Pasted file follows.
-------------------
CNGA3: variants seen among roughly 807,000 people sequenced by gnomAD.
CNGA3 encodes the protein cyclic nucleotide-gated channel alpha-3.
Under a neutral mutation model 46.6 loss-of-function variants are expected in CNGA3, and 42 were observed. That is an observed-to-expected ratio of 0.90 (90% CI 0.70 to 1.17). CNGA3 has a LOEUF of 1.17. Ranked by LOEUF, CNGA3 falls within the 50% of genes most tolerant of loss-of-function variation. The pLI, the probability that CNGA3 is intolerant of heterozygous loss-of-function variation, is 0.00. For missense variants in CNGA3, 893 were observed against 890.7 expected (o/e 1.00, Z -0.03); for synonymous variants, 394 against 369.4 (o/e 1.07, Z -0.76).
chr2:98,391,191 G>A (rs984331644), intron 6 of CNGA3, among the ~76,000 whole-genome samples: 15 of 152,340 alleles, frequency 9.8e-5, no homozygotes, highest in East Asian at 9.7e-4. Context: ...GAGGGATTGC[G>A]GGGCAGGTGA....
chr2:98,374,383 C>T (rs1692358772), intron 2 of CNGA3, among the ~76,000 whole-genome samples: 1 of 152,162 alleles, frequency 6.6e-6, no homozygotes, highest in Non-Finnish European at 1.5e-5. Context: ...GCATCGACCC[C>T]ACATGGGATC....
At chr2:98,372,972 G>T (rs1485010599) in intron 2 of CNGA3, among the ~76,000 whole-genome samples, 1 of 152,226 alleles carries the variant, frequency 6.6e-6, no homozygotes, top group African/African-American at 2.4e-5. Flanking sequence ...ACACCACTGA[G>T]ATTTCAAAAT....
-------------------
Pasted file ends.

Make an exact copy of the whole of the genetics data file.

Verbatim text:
CNGA3: variants seen among roughly 807,000 people sequenced by gnomAD.
CNGA3 encodes the protein cyclic nucleotide-gated channel alpha-3.
Under a neutral mutation model 46.6 loss-of-function variants are expected in CNGA3, and 42 were observed. That is an observed-to-expected ratio of 0.90 (90% CI 0.70 to 1.17). CNGA3 has a LOEUF of 1.17. Ranked by LOEUF, CNGA3 falls within the 50% of genes most tolerant of loss-of-function variation. The pLI, the probability that CNGA3 is intolerant of heterozygous loss-of-function variation, is 0.00. For missense variants in CNGA3, 893 were observed against 890.7 expected (o/e 1.00, Z -0.03); for synonymous variants, 394 against 369.4 (o/e 1.07, Z -0.76).
chr2:98,391,191 G>A (rs984331644), intron 6 of CNGA3, among the ~76,000 whole-genome samples: 15 of 152,340 alleles, frequency 9.8e-5, no homozygotes, highest in East Asian at 9.7e-4. Context: ...GAGGGATTGC[G>A]GGGCAGGTGA....
chr2:98,374,383 C>T (rs1692358772), intron 2 of CNGA3, among the ~76,000 whole-genome samples: 1 of 152,162 alleles, frequency 6.6e-6, no homozygotes, highest in Non-Finnish European at 1.5e-5. Context: ...GCATCGACCC[C>T]ACATGGGATC....
At chr2:98,372,972 G>T (rs1485010599) in intron 2 of CNGA3, among the ~76,000 whole-genome samples, 1 of 152,226 alleles carries the variant, frequency 6.6e-6, no homozygotes, top group African/African-American at 2.4e-5. Flanking sequence ...ACACCACTGA[G>T]ATTTCAAAAT....